Labour MP Chris Bryant, who has led the phone-hacking campaign, also described the decision to lift the suspensions on all arrested staff as the “most cynical piece of hypocrisy”.
He said News International had campaigned for public officials who have been charged with criminal offences to be suspended from office but was now not applying the same requirement to its own staff.
Bryant said: “I think it is massively premature because one would have thought the Murdoch empire would want to wait until Leveson had completed his inquiry and the police and prosecuting authorities had completed their investigations.
“He (Mr Murdoch) is meant still to be ‘draining the swamp’ and yet the swamp is meant to produce another newspaper.
“The most cynical piece of hypocrisy is that News International has tirelessly campaigned for people who have been charged to be suspended from public office and yet journalists who have been charged at News International are apparently not going to be suspended.”
During a visit to the newspaper’s headquarters in Wapping, east London, Murdoch declared his “unwavering support” for its journalists as he announced he was lifting suspensions of all arrested staff.
The media mogul said he will begin publishing the top-selling tabloid seven days a week by launching a new paper called the Sun on Sunday “very soon”.
The Sun has been rocked by the arrests of 10 current and former senior reporters and executives since November over alleged corrupt payments to public officials. There has been widespread speculation that News International would begin publishing a Sunday version of The Sun ever since the News of the World was closed last July over the phone-hacking scandal.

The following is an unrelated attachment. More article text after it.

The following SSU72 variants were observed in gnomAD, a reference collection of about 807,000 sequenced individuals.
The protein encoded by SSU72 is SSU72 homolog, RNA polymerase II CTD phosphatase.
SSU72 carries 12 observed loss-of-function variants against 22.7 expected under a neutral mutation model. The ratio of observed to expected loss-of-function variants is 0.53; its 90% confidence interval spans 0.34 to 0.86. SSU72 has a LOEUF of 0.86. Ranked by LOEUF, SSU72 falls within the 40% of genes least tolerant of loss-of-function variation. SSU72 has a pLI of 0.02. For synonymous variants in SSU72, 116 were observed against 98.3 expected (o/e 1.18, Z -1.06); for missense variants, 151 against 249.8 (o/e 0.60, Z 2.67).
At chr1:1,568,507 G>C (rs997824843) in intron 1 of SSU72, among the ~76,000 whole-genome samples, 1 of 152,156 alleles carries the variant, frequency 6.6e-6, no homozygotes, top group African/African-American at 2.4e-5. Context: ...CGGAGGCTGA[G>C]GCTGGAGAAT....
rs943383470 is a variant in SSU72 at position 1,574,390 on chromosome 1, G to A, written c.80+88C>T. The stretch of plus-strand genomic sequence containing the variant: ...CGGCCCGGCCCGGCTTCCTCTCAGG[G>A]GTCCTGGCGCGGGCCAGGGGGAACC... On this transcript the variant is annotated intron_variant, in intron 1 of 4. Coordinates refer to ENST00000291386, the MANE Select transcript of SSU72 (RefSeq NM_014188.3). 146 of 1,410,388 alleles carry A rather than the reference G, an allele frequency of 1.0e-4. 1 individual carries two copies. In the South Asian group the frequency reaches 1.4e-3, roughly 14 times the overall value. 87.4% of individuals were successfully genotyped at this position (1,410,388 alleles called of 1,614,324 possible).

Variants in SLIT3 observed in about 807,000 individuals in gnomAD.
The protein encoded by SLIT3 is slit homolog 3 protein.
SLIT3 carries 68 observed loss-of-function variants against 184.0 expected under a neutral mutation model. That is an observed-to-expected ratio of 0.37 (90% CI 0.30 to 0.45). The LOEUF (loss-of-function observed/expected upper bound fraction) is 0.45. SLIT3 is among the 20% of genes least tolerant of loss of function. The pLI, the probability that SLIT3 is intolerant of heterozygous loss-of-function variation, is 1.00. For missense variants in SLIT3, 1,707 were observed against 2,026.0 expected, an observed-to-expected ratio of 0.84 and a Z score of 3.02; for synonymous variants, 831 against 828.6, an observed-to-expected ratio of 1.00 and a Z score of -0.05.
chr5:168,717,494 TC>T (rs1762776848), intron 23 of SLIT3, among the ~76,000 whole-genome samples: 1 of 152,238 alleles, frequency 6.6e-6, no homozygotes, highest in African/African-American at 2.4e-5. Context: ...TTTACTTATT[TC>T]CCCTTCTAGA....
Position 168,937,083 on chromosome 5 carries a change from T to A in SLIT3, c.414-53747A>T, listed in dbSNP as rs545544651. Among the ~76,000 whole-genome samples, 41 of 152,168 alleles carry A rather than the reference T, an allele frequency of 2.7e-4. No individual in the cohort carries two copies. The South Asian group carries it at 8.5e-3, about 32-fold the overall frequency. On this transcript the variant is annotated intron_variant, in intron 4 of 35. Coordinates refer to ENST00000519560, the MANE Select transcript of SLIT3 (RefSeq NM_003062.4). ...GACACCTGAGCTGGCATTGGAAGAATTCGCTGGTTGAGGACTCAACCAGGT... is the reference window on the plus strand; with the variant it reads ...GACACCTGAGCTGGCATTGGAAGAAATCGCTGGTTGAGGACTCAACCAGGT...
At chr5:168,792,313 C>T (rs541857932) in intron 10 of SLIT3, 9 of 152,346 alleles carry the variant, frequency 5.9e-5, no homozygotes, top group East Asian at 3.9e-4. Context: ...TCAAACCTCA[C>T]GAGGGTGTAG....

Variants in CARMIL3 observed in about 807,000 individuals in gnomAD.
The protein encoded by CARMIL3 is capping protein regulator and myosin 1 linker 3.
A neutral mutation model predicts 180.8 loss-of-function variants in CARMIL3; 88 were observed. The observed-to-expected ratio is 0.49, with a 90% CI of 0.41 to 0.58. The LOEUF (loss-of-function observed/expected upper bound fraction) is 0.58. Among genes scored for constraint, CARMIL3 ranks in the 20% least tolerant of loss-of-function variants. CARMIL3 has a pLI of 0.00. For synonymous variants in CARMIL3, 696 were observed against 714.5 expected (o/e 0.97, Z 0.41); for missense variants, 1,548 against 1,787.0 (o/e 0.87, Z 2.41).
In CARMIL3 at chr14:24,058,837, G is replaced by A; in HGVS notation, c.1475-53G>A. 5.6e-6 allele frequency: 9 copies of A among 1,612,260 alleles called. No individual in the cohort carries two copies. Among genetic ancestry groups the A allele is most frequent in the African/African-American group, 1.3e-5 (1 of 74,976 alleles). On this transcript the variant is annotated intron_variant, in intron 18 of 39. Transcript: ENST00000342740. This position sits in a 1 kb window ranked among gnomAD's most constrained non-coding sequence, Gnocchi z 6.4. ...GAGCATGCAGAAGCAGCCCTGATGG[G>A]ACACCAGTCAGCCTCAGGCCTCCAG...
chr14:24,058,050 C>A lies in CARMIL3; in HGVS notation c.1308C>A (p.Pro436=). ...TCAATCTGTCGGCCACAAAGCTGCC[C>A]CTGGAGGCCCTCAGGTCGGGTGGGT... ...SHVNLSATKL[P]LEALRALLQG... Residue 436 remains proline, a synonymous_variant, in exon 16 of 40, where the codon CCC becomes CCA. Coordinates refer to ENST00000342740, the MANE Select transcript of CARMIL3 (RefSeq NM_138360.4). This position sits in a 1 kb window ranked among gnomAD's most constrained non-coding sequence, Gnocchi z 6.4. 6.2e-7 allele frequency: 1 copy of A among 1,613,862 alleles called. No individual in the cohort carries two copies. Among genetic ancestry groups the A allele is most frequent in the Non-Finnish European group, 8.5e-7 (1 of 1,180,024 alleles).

Murdoch is understood to have spent yesterday afternoon on the newsroom floor. He is thought to have spoken to individual journalists but not made any formal address.
Staff leaving the building were reluctant to speak to waiting journalists but the mood inside was said to be “more relaxed”.
Murdoch spoke to a number of Sun reporters on the newsroom floor, accompanied by eldest son Lachlan.
A source played down the significance of the absence of Murdoch’s younger son James, who is chairman of News International.
The source said: “James Murdoch has other commitments and is out of the country, and asked Lachlan to accompany his father.”
At the heart of anger among staff was the secretive committee set up by Murdoch to work with the police, which has handed over information after trawling through 300 million emails, expense accounts and notebooks in the hunt for signs of criminality.
Murdoch said the committee would continue to work with the police and said illegal activity would not be tolerated. However, he said those journalists who had been arrested would have their suspensions lifted and could return to work.
“I am confident we can live by these commitments and still produce great journalism,” he said. “We will build on The Sun’s proud heritage by launching The Sun on Sunday very soon.”
“Finally some good news,” one member of staff said. Another described the arrested Sun employees returning to work as “heart-warming news”.